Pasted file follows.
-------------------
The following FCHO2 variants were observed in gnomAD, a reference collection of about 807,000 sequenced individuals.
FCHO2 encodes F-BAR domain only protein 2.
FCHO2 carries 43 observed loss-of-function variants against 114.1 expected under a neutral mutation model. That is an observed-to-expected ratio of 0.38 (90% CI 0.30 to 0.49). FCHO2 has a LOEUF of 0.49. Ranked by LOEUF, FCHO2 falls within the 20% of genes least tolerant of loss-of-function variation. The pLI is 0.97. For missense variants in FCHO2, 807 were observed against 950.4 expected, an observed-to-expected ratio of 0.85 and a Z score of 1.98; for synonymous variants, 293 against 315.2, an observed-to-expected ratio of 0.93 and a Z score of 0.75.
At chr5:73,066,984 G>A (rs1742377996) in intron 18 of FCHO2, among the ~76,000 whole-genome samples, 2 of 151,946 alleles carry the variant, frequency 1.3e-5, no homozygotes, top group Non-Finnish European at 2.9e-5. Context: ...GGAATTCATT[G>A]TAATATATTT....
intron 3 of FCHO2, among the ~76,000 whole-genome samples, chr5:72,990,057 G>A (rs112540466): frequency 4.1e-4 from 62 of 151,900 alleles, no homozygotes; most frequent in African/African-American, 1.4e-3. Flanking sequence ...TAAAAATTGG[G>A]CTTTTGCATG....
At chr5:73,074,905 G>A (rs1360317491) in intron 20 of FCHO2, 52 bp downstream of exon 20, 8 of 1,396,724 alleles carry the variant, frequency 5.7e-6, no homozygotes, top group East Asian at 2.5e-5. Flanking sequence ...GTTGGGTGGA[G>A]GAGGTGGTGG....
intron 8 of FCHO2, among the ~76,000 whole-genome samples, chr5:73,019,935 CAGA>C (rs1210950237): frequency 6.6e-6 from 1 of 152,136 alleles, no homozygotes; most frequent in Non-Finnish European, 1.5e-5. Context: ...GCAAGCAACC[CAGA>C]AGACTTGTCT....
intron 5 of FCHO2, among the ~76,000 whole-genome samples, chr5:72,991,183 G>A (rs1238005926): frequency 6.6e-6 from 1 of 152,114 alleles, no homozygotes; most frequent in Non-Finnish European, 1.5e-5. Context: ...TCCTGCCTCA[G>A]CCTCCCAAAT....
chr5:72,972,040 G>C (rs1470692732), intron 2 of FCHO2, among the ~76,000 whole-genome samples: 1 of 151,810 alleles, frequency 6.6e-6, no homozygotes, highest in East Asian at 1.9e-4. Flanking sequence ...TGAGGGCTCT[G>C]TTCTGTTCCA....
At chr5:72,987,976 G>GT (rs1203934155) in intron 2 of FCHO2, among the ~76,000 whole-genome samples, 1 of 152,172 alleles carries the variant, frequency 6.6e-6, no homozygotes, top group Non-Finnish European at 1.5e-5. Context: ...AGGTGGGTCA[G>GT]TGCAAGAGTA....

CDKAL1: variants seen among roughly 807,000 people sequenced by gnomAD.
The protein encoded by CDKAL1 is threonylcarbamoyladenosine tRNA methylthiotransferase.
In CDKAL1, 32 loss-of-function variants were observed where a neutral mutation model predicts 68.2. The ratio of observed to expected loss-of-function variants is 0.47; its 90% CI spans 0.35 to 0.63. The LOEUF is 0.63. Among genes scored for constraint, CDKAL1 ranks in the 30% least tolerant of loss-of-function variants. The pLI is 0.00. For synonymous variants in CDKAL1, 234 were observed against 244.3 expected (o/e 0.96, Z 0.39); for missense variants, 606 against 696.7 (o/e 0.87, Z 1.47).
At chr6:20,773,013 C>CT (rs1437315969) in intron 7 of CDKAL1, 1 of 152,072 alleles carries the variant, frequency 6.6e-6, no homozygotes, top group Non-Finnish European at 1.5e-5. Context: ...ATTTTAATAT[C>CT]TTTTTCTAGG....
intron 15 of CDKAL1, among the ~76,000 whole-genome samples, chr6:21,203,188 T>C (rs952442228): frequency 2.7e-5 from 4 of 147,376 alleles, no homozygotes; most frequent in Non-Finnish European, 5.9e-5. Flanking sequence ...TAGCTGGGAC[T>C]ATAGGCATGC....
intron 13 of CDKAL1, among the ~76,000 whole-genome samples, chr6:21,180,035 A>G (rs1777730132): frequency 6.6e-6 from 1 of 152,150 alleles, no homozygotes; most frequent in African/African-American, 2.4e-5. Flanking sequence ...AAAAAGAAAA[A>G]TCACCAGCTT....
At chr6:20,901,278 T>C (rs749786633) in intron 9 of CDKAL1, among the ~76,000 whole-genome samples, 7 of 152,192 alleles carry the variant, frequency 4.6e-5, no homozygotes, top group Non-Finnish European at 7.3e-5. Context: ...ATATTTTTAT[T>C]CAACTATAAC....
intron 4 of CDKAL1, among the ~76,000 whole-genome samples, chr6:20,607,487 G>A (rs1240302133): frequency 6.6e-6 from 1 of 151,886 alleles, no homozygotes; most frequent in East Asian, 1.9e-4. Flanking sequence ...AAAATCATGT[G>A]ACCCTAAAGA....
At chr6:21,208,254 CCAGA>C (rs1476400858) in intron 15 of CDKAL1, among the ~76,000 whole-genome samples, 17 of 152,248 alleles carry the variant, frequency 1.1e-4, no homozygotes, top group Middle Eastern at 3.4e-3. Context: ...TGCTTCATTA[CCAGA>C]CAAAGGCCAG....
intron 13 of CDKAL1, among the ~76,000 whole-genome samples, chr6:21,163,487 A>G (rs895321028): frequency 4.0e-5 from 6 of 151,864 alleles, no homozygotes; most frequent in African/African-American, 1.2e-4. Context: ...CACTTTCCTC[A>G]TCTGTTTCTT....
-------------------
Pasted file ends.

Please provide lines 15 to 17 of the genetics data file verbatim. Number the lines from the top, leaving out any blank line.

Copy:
intron 15 of CDKAL1, among the ~76,000 whole-genome samples, chr6:21,203,188 T>C (rs952442228): frequency 2.7e-5 from 4 of 147,376 alleles, no homozygotes; most frequent in Non-Finnish European, 5.9e-5. Flanking sequence ...TAGCTGGGAC[T>C]ATAGGCATGC....
intron 13 of CDKAL1, among the ~76,000 whole-genome samples, chr6:21,180,035 A>G (rs1777730132): frequency 6.6e-6 from 1 of 152,150 alleles, no homozygotes; most frequent in African/African-American, 2.4e-5. Flanking sequence ...AAAAAGAAAA[A>G]TCACCAGCTT....
At chr6:20,901,278 T>C (rs749786633) in intron 9 of CDKAL1, among the ~76,000 whole-genome samples, 7 of 152,192 alleles carry the variant, frequency 4.6e-5, no homozygotes, top group Non-Finnish European at 7.3e-5. Context: ...ATATTTTTAT[T>C]CAACTATAAC....